Um, so it's like everything they're doing with him there is really cool, but there was an aspect of the storytelling of Saru, especially when he gets to the point where he's like. This is it. I'm dying. I'm, I'm, I'm about to die. And takes Burnham and says, you're the only one that knows me. And he's giving him, giving her this whole speech and on the deathbed, only you can do this.
And she's crying. And there's this very, it's supposed to be this overwhelming, overwhelmingly emotional scene. Let me relate this to Star Trek II Wrath of Khan. You've got Spock in the engineering bay. You've got Kirk on the outside. They're talking to each other. Kirk is bawling his eyes out. The hands on the thing, they're talking, and he's like, you're the most human, and the whole, that whole thing.
You are bawling your eyes out as a viewer because these characters have had that emotional connection, and we've had that emotional connection with them. Yeah. This was... Wait, how is Burnham the only person that understands Saru? We've never, we have never seen this. We've never been shown this on the show once.
Where the hell did this connection come from? This is like the writers saying, well, we got to fast forward this. Here you are. They're emotionally connected, everybody. Well, it's like, they're not emotionally connected to me as a viewer. You've never shown me. You're telling me they're emotionally connected.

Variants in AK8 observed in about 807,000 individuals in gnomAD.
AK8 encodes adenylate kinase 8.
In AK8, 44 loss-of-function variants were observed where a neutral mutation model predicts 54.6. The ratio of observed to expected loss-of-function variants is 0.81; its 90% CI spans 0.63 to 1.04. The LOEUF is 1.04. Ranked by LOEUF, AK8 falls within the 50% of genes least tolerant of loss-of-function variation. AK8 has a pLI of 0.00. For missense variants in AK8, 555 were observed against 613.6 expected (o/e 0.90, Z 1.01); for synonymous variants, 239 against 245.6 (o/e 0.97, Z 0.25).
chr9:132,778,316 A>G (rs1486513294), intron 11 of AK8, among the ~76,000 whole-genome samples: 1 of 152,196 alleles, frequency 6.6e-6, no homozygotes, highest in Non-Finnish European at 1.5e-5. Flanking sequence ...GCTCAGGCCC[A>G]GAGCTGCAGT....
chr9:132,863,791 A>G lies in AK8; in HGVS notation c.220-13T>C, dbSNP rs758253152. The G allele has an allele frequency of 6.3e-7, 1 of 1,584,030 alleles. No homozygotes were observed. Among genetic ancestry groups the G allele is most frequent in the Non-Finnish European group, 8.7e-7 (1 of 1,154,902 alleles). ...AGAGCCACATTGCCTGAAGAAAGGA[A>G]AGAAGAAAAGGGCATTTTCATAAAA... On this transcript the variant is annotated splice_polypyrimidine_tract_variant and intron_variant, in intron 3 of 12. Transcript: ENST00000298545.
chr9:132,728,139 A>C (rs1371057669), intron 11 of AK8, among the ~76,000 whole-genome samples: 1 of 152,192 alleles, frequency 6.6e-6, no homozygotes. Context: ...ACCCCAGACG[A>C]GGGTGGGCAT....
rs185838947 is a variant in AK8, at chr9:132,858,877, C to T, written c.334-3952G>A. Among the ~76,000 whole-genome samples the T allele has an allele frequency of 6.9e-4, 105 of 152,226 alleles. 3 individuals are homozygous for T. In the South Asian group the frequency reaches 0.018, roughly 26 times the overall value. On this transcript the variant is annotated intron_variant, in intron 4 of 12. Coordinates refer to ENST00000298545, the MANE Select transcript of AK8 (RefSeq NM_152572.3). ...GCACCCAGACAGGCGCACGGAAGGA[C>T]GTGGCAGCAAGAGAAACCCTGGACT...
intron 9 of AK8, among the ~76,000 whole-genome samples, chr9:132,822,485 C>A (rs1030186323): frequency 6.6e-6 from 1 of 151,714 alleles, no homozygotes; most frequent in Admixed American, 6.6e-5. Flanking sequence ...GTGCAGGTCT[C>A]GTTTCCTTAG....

You never showed me. And that is really bad. really bad storytelling. That's not just a minor mistake in my mind. That is horrendous writing, poor planning. They should have been planting those seeds for that from season one to now, and they didn't, and they cheated, and they tried to fast forward and do something they hadn't earned.
And this makes me so angry, because what they're doing with Saru...
is amazing. But the fact that they tried to create this forced relationship between him and Burnham, they could have just left that all out. And she could have been still there. He could have been reaching out to her, but that conversation should have not happened because they did not earn